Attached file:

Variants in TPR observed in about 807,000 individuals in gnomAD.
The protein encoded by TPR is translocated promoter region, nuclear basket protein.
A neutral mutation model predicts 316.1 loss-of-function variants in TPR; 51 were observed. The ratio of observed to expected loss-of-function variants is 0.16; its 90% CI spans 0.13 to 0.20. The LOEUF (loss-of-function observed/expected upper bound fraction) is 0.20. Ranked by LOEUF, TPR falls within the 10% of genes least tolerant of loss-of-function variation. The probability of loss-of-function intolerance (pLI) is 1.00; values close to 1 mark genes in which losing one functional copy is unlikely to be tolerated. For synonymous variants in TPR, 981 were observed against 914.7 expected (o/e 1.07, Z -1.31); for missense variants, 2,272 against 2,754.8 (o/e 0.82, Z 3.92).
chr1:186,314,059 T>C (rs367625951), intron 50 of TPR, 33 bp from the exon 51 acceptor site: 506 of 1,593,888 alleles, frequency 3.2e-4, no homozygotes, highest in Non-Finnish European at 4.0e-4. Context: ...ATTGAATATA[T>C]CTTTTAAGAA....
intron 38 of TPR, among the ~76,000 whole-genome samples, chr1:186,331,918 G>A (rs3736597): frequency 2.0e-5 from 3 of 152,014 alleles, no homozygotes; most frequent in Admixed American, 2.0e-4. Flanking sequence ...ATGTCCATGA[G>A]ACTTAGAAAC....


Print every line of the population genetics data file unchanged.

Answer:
Variants in TPR observed in about 807,000 individuals in gnomAD.
The protein encoded by TPR is translocated promoter region, nuclear basket protein.
A neutral mutation model predicts 316.1 loss-of-function variants in TPR; 51 were observed. The ratio of observed to expected loss-of-function variants is 0.16; its 90% CI spans 0.13 to 0.20. The LOEUF (loss-of-function observed/expected upper bound fraction) is 0.20. Ranked by LOEUF, TPR falls within the 10% of genes least tolerant of loss-of-function variation. The probability of loss-of-function intolerance (pLI) is 1.00; values close to 1 mark genes in which losing one functional copy is unlikely to be tolerated. For synonymous variants in TPR, 981 were observed against 914.7 expected (o/e 1.07, Z -1.31); for missense variants, 2,272 against 2,754.8 (o/e 0.82, Z 3.92).
chr1:186,314,059 T>C (rs367625951), intron 50 of TPR, 33 bp from the exon 51 acceptor site: 506 of 1,593,888 alleles, frequency 3.2e-4, no homozygotes, highest in Non-Finnish European at 4.0e-4. Context: ...ATTGAATATA[T>C]CTTTTAAGAA....
intron 38 of TPR, among the ~76,000 whole-genome samples, chr1:186,331,918 G>A (rs3736597): frequency 2.0e-5 from 3 of 152,014 alleles, no homozygotes; most frequent in Admixed American, 2.0e-4. Flanking sequence ...ATGTCCATGA[G>A]ACTTAGAAAC....